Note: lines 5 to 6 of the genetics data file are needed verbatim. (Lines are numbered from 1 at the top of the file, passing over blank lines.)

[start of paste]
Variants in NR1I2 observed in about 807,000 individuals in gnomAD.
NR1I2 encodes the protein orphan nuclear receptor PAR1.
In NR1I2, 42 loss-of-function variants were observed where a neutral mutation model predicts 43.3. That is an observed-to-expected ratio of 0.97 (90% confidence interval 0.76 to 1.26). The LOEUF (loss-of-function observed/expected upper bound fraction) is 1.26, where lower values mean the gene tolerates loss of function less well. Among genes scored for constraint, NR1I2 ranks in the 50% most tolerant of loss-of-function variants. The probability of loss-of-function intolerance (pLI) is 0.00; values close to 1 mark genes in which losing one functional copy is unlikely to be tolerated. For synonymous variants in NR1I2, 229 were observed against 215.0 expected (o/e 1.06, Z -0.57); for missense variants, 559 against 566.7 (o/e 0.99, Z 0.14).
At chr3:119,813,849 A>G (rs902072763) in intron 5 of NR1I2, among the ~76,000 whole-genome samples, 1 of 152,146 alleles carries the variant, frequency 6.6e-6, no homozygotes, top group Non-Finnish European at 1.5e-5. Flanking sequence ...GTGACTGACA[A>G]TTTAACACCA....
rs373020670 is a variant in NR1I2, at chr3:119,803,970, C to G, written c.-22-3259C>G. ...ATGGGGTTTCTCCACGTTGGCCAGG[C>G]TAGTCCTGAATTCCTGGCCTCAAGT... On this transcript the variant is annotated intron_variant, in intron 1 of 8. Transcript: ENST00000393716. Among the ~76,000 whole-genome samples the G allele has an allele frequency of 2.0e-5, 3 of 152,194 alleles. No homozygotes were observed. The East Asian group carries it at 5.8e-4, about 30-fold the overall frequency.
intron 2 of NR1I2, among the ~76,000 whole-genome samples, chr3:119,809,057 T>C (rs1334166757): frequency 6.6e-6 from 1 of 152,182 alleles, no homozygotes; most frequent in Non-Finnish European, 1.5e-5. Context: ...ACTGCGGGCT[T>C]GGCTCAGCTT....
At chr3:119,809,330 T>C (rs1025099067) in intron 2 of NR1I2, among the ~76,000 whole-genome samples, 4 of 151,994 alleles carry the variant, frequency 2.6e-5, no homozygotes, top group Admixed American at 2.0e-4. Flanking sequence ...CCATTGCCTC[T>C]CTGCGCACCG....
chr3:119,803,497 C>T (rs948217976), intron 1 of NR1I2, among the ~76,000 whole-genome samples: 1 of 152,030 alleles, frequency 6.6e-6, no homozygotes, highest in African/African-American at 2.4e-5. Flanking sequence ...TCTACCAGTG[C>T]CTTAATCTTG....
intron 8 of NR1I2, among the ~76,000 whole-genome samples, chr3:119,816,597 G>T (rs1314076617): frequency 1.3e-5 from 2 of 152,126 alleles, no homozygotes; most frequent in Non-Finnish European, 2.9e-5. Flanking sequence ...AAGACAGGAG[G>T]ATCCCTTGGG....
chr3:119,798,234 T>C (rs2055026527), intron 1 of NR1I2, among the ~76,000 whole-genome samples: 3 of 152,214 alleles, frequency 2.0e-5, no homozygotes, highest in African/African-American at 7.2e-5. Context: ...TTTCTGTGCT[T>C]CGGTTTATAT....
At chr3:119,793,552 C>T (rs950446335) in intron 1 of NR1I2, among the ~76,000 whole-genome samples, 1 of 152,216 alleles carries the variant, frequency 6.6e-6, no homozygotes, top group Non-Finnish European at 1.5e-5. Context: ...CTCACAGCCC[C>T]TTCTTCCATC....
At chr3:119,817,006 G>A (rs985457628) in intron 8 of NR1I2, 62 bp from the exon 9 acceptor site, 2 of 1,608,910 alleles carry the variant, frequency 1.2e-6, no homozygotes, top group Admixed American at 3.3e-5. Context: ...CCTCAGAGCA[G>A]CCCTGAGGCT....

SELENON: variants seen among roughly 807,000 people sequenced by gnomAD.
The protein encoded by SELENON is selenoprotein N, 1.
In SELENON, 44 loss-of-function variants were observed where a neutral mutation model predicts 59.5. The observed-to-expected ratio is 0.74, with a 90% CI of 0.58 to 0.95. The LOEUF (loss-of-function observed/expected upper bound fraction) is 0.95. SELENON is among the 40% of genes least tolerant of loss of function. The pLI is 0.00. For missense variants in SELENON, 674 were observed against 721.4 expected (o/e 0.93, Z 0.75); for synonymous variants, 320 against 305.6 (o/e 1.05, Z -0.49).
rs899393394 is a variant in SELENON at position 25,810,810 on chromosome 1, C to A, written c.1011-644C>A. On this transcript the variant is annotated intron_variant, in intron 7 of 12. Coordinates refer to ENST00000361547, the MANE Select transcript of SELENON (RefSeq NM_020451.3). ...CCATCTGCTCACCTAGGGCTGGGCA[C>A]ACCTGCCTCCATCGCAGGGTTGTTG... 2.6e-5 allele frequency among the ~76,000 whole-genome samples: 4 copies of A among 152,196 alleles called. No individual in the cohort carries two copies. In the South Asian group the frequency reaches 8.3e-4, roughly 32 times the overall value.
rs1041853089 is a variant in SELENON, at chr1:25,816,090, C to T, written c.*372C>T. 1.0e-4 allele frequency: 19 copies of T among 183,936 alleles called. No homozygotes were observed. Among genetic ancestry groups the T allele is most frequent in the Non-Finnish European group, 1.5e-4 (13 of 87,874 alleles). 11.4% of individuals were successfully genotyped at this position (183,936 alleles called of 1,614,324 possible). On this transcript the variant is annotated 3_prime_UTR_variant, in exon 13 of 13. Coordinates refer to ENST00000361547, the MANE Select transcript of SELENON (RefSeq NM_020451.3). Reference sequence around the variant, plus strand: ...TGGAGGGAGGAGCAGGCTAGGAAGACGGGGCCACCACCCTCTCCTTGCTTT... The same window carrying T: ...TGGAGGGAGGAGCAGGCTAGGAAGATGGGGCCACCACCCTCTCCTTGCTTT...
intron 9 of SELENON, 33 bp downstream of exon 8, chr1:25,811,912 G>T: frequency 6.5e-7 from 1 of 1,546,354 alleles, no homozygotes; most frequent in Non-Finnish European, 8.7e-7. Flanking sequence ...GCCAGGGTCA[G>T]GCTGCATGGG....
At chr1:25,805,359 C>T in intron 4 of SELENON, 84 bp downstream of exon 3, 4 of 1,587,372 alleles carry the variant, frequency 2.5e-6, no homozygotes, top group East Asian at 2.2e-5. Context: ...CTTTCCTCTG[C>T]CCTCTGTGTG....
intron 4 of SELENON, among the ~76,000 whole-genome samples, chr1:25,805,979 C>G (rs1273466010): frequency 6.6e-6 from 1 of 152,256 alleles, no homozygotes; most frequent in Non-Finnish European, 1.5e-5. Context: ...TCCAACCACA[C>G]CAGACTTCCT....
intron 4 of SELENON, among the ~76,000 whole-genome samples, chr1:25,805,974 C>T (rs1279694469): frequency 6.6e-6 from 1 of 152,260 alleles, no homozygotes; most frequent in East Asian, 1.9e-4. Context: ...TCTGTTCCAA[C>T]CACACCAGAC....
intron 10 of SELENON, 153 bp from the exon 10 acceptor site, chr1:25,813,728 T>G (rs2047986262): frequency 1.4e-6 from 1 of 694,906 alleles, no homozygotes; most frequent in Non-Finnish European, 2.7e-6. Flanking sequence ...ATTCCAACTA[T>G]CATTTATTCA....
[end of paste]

rs373020670 is a variant in NR1I2, at chr3:119,803,970, C to G, written c.-22-3259C>G. ...ATGGGGTTTCTCCACGTTGGCCAGG[C>G]TAGTCCTGAATTCCTGGCCTCAAGT... On this transcript the variant is annotated intron_variant, in intron 1 of 8. Transcript: ENST00000393716. Among the ~76,000 whole-genome samples the G allele has an allele frequency of 2.0e-5, 3 of 152,194 alleles. No homozygotes were observed. The East Asian group carries it at 5.8e-4, about 30-fold the overall frequency.
intron 2 of NR1I2, among the ~76,000 whole-genome samples, chr3:119,809,057 T>C (rs1334166757): frequency 6.6e-6 from 1 of 152,182 alleles, no homozygotes; most frequent in Non-Finnish European, 1.5e-5. Context: ...ACTGCGGGCT[T>C]GGCTCAGCTT....